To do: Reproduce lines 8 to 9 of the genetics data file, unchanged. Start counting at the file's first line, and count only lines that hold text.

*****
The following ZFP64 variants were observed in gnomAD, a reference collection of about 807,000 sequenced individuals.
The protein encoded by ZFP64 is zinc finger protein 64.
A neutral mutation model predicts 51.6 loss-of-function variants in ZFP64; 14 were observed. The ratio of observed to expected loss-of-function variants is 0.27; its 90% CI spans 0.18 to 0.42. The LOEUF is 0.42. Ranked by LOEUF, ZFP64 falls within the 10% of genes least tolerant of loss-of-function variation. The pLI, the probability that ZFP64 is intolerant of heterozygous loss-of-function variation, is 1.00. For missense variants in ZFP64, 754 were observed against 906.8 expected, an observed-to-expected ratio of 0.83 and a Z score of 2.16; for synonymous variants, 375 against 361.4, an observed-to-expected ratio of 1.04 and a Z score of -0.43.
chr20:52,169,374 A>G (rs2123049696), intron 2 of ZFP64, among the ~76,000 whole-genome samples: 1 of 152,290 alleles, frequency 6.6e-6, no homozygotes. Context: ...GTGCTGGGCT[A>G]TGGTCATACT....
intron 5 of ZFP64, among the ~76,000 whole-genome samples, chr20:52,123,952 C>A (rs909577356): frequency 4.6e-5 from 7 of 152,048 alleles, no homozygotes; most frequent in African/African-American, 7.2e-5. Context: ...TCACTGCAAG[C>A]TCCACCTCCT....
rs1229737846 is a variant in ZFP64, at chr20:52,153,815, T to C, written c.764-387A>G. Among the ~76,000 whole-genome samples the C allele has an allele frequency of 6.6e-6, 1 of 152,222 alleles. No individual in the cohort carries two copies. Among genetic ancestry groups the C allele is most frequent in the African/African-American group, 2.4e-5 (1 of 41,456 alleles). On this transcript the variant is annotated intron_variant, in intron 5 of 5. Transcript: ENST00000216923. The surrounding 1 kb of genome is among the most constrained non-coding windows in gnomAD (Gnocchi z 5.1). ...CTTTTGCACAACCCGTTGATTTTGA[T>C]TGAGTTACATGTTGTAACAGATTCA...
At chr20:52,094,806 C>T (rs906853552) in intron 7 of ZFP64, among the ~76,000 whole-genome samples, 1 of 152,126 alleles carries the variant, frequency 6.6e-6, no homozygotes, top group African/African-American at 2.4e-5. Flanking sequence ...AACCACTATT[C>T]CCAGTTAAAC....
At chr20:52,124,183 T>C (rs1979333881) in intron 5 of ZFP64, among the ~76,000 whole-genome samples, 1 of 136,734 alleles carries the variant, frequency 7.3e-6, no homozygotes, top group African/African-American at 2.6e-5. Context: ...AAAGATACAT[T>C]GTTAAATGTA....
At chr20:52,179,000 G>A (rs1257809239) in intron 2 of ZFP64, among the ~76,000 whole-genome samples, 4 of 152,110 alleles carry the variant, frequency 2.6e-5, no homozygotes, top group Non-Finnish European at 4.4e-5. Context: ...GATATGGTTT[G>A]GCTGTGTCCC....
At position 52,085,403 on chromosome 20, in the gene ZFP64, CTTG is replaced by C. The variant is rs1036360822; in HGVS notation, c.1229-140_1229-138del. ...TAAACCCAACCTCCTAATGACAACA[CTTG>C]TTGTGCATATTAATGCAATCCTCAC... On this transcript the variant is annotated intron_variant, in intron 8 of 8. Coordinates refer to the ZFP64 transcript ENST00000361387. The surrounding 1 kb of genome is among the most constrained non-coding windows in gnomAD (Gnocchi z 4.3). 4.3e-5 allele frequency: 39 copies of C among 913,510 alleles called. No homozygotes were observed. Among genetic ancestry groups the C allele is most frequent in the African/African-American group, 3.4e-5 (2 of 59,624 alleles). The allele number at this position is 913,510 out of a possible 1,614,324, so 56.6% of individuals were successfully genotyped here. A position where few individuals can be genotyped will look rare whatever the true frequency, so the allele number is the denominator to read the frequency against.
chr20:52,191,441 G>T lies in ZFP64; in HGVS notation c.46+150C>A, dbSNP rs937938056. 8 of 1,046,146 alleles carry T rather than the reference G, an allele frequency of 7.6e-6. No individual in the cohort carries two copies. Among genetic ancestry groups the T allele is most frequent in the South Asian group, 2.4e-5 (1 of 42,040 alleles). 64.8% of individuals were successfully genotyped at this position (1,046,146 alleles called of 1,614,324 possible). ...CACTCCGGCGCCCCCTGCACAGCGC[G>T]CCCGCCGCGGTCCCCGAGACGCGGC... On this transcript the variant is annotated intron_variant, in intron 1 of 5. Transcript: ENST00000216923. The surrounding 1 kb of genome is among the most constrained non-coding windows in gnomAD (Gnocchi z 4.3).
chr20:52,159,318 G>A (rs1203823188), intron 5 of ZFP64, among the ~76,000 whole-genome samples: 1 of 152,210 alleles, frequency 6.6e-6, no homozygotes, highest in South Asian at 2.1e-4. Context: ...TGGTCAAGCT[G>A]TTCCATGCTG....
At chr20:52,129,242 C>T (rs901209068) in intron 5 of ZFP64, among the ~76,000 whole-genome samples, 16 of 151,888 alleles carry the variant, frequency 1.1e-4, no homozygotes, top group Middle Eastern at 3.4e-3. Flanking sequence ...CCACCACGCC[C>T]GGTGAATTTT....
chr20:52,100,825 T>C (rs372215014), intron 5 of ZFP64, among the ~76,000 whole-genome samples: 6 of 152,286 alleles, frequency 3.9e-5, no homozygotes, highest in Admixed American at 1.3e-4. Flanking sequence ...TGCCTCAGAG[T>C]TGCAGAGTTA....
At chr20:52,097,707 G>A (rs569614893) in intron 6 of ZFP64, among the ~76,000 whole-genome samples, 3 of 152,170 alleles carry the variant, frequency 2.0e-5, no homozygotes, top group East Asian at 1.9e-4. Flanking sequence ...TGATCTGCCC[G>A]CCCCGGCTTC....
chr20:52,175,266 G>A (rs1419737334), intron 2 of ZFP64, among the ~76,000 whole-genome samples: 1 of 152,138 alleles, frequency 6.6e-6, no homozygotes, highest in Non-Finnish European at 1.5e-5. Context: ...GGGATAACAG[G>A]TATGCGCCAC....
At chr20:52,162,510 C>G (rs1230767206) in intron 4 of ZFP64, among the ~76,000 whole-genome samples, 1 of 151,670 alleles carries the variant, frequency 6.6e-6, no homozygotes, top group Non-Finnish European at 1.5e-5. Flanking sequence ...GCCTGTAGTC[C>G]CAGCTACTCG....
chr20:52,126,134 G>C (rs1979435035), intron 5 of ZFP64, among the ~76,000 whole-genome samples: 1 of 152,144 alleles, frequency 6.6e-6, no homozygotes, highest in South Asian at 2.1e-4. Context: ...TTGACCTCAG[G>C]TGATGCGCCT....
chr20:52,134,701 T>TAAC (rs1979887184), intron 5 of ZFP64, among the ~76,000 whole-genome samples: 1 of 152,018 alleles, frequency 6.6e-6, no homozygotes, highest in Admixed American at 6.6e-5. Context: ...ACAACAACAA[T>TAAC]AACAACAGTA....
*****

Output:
At chr20:52,124,183 T>C (rs1979333881) in intron 5 of ZFP64, among the ~76,000 whole-genome samples, 1 of 136,734 alleles carries the variant, frequency 7.3e-6, no homozygotes, top group African/African-American at 2.6e-5. Context: ...AAAGATACAT[T>C]GTTAAATGTA....
At chr20:52,179,000 G>A (rs1257809239) in intron 2 of ZFP64, among the ~76,000 whole-genome samples, 4 of 152,110 alleles carry the variant, frequency 2.6e-5, no homozygotes, top group Non-Finnish European at 4.4e-5. Context: ...GATATGGTTT[G>A]GCTGTGTCCC....